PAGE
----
Can You Interface Vinyl Fabric And Faux Leather, When To Do It And How To Do It. Do It.
I am making a bag. Do I need to interface the vinyl?
How To Interface Vinyl And Faux Leather For Bag Making
You do not always need to interface vinyl and faux leather when you are making a bag. Whether or not you do, depends on the type of bag you are making and the vinyl or faux that you have chosen for it.
Thicker vinyl is often fine without any interfacing. But if you are using it for a really sturdy bag, and the pattern calls for foam or fleece then you may need to attach that.
Thinner faux leathers don’t necessarily need to be interfaced either, unless you feel you need a little extra body or you are cutting across the grain and want to minimise any chance of stretching. For instance, I would always recommend interfacing long straps on a bag made form thinner faux leather.
To do this, cut a piece of medium weight fusible interfacing to the same length as the finished strap and 1/4 or 25% of the width. (If you are planning to sew the ends of your straps inside, cut the seam allowance from the two ends.)
Fuse the interfacing to one of the outside edges of the strap piece, then proceed as normal for making a strap. (See image below)
Fold the long sides of your straps to the centre line, then fold in half. Sew the strap together. DON'T fuse the interfacing down the middle, or one side of your finished strap will have two layers of interfacing and the other side will have none.
Placement of a strip of interfacing along a strap edge to reinforce it and eliminate any stretch
The lining you choose for your bag can also determine whether or not you need to interface. If you are using a heavier lining fabric for your bag making project, such as canvas, cotton Duck or waterproof canvas, (WPC), you probably don’t need to interface your faux as the exterior fabric. But if you are using light weight quilting cotton then you should consider it.
Depending on how much structure you require you might choose between medium woven fusible interfacing such as Shape to Create, through fleece to Decovil light or heavy or even foam.
The Mountain Saddle Bag. Vinyl and PU leather, stabilized with both foam and Decovil light to give a very firm and structured look and feel.
How do I interface vinyl?
Most vinyl can be interfaced the same way as other fabrics. However, you should check a scrap first to make sure it can withstand the iron temperature.
- ALWAYS TEST on a scrap of fabric first as results will depend on your iron setting and the type/brand of interfacing used.
- Make sure that your pressing mat/ironing board is cool before you start.
- Place the fabric leather side down with the fusible interfacing glue side down on top
- Place a pressing cloth over the top such as our silk organza pressing cloth which will allow you to see what you are doing.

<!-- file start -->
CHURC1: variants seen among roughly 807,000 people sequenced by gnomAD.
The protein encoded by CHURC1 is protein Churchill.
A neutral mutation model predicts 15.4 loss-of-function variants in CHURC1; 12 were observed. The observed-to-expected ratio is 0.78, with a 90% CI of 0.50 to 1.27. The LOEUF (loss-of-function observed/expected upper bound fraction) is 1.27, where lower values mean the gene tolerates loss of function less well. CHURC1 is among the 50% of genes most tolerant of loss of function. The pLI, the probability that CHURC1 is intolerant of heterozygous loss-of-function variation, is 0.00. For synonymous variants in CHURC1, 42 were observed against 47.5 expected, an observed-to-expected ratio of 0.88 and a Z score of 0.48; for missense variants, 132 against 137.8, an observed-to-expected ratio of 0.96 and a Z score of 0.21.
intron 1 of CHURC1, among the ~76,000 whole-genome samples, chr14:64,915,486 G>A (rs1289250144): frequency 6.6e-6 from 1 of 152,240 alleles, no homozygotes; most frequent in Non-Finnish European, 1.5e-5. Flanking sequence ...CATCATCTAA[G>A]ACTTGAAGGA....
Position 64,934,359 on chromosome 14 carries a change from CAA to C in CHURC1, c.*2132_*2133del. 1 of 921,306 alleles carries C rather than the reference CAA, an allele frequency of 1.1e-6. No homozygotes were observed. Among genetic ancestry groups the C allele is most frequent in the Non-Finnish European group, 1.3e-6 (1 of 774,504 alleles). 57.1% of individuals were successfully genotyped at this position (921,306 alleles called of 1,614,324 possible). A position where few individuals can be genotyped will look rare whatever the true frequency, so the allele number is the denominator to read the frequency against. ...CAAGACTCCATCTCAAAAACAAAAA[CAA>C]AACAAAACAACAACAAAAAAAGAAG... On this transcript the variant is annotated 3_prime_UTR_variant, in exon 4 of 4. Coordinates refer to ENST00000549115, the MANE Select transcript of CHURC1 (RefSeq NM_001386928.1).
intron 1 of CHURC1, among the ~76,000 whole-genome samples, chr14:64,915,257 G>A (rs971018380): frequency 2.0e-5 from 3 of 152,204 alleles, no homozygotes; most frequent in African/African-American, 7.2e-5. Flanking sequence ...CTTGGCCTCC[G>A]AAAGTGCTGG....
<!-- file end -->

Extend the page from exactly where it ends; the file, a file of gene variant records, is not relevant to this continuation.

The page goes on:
- Using an iron set to a medium temperature, press down gently on the fabric for 15-20 seconds, or according to your interfacing instructions, before moving on. Repeat a few times but check the fabric is not getting too hot.
- Allow the leather to cool completely, up to 30 minutes and check the bond. Repeat if necessary.
(Note the use of an ironing press may flatten the embossed pattern, so test this first).
How to attach stabilizers such as foam, Decovil, Peltex or fusible fleece to vinyl.
If you are sewing on an industrial machine and think you are able to cut enough out of the seam allowances, without the finished seams looking thick or lumpy, then follow the usual pattern instructions of sewing it to the vinyl and trimming the excess.
If you are sewing on a domestic sewing machine, or you are worried about lumpy seams, you will need to cut the seam allowances from the stabilizer. (Note many patterns will advise this anyway)
Now, because you are cutting the seam allowances away, the stabilizer will not be sewn into the seams. If it later loses its adhesion to the exterior fabric, it will drop off and move around freely between the bag outer and the lining. To prevent this, you should apply a lighter weight or medium woven fusible interfacing as well.
Follow these steps:
- Cut the seam allowances from the foam, fleece, Peltex or Decovil.
- Position the stabilizer centrally onto the wrong side of the vinyl, there will be a gap the width of the seam allowance all the way round.
- If it is a fusible stabilizer, like fleece or Decovil, fuse it to the vinyl where possible. If it is not fusible, like foam for instance, use a little double-sided tape to keep it in place and stop it from moving.
- Cut a piece of lightweight or medium fusible woven interfacing the same size as the pattern piece. Place this over the top of the stabilizer.
- Using a pressing cloth and an iron on a medium or wool temperature, fuse the interfacing to the vinyl/faux leather around all the edges on the seam allowances.
- Carefully repeat, fusing the interfacing to the stabilizer, if you are using one that can withstand the temperature – test first if necessary.
- Allow it to cool completely and check that it has good adhesion around the edges.
Interfacing heat sensitive vinyl
If you are concerned that the vinyl you are using cannot withstand the iron temperature, or if you prefer, use a spray on foam and fabric adhesive. Check that you have a really good bond before sewing up your project.